Cabeus crater is relatively old, 100 km in diameter, and contains significant areas of permanent shadow. Such regions are of great interest because they may harbor significant deposits of ices (water, methane, etc). Cabeus crater is most famous as the site of the LCROSS Centaur impact (9 October 2009) that was intended to excavate and eject any volatiles that may be in the regolith (what we call the lunar soil). Though analyses of data collected during the impact are still ongoing, preliminary results suggest that yes, significant amounts of water ice may be trapped in these shadowed regions (at least at this one spot).
Two and a half days after the LCROSS impact the LRO spacecraft slewed 70° back towards Cabeus crater to allow LROC to acquire an overview image of a portion of the northern rim. The large mountain (or massif) in the right background (full panorama below) is a portion of the ancient rim of the South Pole-Aitken basin, it rises some 6000 meters (19,685 feet) above the surrounding plains, and more than 9200 meters (30,184 feet) above the floor of Cabeus crater -- taller than any mountain on the Earth. On the Moon mountains are formed in only minutes as huge amounts of energy are released when asteroids and comets slam into the surface at velocities greater than 16 km per second (more than ten times faster than a speeding bullet). In contrast, mountains on the Earth typically form over millions of years during slow-motion collisions of tectonic plates.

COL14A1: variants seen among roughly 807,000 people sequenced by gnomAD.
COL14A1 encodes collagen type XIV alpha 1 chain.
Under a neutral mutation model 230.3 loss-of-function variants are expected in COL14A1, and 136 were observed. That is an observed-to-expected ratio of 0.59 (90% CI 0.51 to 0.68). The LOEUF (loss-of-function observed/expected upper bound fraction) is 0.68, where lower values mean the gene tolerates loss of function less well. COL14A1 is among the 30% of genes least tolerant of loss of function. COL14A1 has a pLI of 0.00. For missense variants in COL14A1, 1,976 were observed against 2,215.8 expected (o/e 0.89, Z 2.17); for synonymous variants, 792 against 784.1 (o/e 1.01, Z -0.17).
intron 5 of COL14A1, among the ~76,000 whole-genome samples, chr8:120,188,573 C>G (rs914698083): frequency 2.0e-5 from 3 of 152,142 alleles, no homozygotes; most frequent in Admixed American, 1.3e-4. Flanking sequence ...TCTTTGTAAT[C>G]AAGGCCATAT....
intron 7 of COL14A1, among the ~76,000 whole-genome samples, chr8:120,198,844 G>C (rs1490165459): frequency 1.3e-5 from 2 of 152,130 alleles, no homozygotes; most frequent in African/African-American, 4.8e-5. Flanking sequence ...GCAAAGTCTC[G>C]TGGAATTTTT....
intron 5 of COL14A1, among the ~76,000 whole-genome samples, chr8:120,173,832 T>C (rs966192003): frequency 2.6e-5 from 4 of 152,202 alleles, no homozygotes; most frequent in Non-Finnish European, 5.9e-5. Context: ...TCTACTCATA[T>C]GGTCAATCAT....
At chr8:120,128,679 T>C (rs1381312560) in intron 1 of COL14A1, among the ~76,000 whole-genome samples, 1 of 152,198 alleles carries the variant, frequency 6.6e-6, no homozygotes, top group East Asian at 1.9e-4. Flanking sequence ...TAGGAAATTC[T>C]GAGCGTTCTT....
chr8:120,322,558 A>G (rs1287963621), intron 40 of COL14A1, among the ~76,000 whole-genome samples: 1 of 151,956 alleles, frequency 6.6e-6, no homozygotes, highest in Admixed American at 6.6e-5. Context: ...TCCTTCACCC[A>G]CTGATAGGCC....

Future astronauts will see the same view as they descend to the surface for a polar landing. Explore the rim of Cabeus on your own as you plan your landing spot!
Posted by Mark Robinson on November 17, 2009 12:19 UTC.